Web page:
Anyway, here are some pictures and a video:
I am in the red, Phil is in the blue. We fixed two lines from the top and then rope soloed so that we could get more laps in. We have been using this technique a lot this winter to do as much climbing as we can in a short amount of time. It works well, but it's made me lazy. I now almost feel like complaining when I have to belay.
The pillar that I am under is our favorite line. It's about 40 feet of 4+/5- ice. It's the best steep section on the wall. There are other steep sections, but they usually stay pretty wet, thin, and shorter.
Myself on the pillar. I'm wearing the Scarpa Phantom Guides for the first time on steep ice. They are a much higher volume boot than the others I've been using, but they lock my heels down much better. Normally I have to crank the boots really tight around the ankle to hold my heel in place, but my heels hardly moved with these and they weren't laced very tightly. So far I really like them.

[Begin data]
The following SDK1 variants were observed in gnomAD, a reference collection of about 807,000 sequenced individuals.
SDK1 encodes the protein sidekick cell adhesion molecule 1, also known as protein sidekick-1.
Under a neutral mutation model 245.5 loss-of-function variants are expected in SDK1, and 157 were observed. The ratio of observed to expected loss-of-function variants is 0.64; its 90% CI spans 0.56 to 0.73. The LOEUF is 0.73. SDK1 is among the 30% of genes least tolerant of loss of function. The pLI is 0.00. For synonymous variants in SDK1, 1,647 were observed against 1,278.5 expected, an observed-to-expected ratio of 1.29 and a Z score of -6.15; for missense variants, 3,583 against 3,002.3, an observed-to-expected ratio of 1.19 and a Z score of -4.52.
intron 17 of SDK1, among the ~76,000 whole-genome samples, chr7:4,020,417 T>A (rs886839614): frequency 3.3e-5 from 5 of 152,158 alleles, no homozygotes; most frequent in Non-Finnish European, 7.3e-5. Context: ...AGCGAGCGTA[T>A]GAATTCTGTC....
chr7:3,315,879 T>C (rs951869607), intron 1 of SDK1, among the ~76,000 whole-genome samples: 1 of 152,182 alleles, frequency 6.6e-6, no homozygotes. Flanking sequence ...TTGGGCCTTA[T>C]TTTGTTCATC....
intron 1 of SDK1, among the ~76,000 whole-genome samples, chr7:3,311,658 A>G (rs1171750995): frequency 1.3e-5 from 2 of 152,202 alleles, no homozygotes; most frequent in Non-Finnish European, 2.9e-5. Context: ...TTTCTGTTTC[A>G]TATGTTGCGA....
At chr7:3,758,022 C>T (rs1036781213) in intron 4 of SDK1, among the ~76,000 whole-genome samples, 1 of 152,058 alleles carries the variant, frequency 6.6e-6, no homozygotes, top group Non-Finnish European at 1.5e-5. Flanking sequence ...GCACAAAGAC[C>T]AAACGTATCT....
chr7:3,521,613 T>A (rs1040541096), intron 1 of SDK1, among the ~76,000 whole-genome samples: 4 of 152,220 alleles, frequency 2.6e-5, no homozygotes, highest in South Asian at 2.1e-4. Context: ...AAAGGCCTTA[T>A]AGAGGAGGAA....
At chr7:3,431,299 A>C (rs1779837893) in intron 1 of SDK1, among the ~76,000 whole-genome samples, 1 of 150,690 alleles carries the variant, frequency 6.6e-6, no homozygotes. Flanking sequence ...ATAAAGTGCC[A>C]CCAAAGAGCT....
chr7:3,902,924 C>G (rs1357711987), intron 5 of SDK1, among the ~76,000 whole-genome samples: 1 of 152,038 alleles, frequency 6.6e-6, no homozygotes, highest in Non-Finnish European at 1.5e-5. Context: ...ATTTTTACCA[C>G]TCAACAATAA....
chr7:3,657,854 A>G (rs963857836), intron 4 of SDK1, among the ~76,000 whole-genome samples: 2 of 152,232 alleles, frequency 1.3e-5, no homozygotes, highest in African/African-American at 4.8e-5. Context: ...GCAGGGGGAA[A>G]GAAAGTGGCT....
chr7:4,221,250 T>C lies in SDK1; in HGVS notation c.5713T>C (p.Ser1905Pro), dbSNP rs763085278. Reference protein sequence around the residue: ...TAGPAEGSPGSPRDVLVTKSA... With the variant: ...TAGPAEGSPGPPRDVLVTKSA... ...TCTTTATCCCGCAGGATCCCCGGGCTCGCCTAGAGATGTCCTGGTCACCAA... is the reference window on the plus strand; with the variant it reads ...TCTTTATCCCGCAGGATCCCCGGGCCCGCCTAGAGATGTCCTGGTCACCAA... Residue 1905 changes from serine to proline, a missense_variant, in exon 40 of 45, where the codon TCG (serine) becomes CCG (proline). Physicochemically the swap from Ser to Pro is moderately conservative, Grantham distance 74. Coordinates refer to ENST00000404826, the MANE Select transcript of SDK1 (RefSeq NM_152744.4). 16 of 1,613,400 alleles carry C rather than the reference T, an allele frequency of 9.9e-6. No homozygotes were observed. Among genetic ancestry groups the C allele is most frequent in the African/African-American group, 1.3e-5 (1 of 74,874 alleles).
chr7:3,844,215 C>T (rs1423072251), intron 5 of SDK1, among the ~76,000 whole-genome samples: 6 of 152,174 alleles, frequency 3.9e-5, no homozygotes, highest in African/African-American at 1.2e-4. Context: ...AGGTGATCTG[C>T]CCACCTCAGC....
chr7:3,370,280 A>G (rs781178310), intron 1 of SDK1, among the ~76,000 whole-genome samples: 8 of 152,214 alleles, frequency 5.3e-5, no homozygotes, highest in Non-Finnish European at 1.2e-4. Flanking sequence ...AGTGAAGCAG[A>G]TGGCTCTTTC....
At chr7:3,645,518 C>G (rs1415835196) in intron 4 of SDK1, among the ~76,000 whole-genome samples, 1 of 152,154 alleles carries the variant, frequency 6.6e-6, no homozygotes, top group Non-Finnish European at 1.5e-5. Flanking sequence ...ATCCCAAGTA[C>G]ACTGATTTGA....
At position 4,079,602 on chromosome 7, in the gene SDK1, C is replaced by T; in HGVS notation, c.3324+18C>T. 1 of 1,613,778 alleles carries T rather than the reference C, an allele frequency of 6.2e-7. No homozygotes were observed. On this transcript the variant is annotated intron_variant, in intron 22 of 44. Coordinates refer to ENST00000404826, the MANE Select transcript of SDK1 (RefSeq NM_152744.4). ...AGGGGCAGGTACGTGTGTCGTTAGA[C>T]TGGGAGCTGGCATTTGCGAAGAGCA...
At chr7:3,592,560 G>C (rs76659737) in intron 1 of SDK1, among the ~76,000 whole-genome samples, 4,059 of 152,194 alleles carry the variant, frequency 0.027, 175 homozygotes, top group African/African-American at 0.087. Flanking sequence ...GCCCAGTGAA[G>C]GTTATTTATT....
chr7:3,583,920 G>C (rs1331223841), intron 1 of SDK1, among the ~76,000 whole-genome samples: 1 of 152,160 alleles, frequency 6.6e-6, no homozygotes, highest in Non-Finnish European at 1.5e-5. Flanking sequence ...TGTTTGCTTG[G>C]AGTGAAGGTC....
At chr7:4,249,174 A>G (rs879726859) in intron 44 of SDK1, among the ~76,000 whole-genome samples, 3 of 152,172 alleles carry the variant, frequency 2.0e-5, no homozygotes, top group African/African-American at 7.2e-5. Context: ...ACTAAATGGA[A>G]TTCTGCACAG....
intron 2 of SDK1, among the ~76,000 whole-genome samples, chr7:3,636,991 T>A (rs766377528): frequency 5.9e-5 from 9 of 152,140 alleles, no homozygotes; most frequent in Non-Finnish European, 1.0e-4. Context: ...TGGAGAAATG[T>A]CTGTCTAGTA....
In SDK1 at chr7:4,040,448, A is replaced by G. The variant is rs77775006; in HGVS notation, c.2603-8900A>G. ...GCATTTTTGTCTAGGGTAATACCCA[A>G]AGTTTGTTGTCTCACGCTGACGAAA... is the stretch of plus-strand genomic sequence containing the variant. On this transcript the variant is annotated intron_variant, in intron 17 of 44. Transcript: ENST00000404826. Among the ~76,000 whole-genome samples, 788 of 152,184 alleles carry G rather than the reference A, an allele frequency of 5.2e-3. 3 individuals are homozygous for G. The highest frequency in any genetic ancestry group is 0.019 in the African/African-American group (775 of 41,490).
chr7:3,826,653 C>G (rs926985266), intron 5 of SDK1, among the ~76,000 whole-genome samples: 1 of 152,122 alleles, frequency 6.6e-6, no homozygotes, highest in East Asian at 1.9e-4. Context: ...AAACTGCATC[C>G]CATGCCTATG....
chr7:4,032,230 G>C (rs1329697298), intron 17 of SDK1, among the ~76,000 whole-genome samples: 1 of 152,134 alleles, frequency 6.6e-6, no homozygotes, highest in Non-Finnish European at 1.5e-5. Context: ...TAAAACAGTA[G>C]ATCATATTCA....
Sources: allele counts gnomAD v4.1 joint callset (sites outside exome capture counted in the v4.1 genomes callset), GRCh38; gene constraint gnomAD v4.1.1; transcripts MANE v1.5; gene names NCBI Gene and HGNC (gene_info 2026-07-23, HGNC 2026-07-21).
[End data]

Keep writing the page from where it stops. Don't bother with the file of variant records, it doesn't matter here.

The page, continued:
Phil climbing up the pillar.
Phil finishing off the central/pillar line.
Then Kelsey hiked up for some exercise and to say hi, so she became the photographer
This is the first pitch of Malan's Waterfall in Ogden, UT. Mountain project rates this pitch as WI4+ on the right side and WI5 up the pillar. I have heard other Ogdenites (who have been known to sandbag) call the right 3+ and the pillar 4+. I think the right side feels like WI4, the pillar 4+. The pillar is dead vertical for about 40 feet. The second pitch (WI5) has been really thin all winter and today looked sketchy. A friend of mine (who is a very strong climber) got on pitch 2 yesterday but ended up retreating because the ice was thin and rotten. We decided not to test our luck.
It's definitely not Canmore, Cody, or Ouray, but we can't complain.